Natural gas storage gives power plants flexibility

Natural gas storage for electric generation is helping to make the resource a flexible fuel for on-demand power production, speakers at a Houston conference said Tuesday.

The abundance of natural gas from shale has filled storage facilities with surpluses of the cheap resource. That has given electric power generators the ability to load up on the resource and ramp up gas-fired plant operations when power markets are strained and opportunities for returns are highest, said Paul Sierer, senior commercial transactor for Constellation, an Exelon company. He and others offered their insights on natural gas storage and electricity at the 11th annual Platts Gas Storage Outlook conference held in the Hilton Houston Post Oak.

The capability to tap into gas in storage has become increasingly important as power markets have become stressed due to population and energy demand growth, increasing the need for on-demand generation that can be called into action within hours or even minutes, Sierer said.

Natural gas power generation is also likely to become more important as the economics for increased coal power generation fade, said Rich Pastore, chief executive officer of Pastore and Company.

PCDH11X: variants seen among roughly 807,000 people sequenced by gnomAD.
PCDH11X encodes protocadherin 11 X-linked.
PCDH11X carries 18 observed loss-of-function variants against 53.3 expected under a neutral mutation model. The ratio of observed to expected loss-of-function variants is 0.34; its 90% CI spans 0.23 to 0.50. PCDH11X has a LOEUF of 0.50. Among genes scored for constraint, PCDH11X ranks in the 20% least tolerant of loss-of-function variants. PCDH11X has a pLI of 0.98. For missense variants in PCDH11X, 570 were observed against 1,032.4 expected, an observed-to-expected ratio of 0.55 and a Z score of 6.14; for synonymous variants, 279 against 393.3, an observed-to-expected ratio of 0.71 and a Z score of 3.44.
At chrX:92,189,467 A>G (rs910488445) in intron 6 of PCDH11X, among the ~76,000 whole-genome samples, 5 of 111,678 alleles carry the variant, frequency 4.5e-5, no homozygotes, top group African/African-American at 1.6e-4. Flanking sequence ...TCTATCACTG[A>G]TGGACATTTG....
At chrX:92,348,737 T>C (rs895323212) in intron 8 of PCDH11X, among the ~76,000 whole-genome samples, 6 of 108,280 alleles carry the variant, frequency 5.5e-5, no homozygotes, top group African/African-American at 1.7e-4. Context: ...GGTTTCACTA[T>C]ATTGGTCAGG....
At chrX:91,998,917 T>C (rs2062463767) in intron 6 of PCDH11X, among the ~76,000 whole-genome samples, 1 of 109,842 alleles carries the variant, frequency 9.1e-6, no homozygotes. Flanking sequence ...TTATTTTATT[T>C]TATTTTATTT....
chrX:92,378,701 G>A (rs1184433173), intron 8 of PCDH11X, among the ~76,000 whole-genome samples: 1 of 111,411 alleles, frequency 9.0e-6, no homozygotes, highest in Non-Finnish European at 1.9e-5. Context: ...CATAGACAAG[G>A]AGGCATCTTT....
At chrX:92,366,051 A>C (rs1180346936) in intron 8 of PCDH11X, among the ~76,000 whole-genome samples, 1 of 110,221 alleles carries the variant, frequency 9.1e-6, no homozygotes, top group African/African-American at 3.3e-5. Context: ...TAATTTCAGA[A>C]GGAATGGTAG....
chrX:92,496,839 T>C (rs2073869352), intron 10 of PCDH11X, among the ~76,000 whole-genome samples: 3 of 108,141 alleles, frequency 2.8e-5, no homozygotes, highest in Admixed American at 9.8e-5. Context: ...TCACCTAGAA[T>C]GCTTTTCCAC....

Coal is largely more expensive than natural gas and its prices are remaining high because of coal exports to countries like China and India, where demand for the fuel has grown. Additionally, coal plants are old and often more expensive to run than natural gas plants, Pastore said.

More than 73 percent of the U.S. coal power plant fleet is more than 31 years old, while more than half of the natural gas power plant fleet is less than 10 years old, Pastore said.

Coal plants are also less flexible than natural gas plants, and are not as able to start and stop on demand, the speakers said.

“It’s a death spiral when a coal plant starts to do that,” Sierer said. “They weren’t built to do that.”

Natural gas plants, on the other hand, can use their flexibility as an advantage, Pastore said.

“If I can stop my plants from running, store the gas and run it later, I enhance my margin by I think 40 percent,” Pastore said, while citing a specific example. “That’s significant.”

Currently, 3.316 trillion cubic feet of natural gas are in underground storage, according to the latest figures from the Energy Information Administration. That is just below the level of 3.377 trillion cubic feet from a year ago, when huge surpluses of natural gas led prices for the resource to plummet to their lowest levels in more than a decade.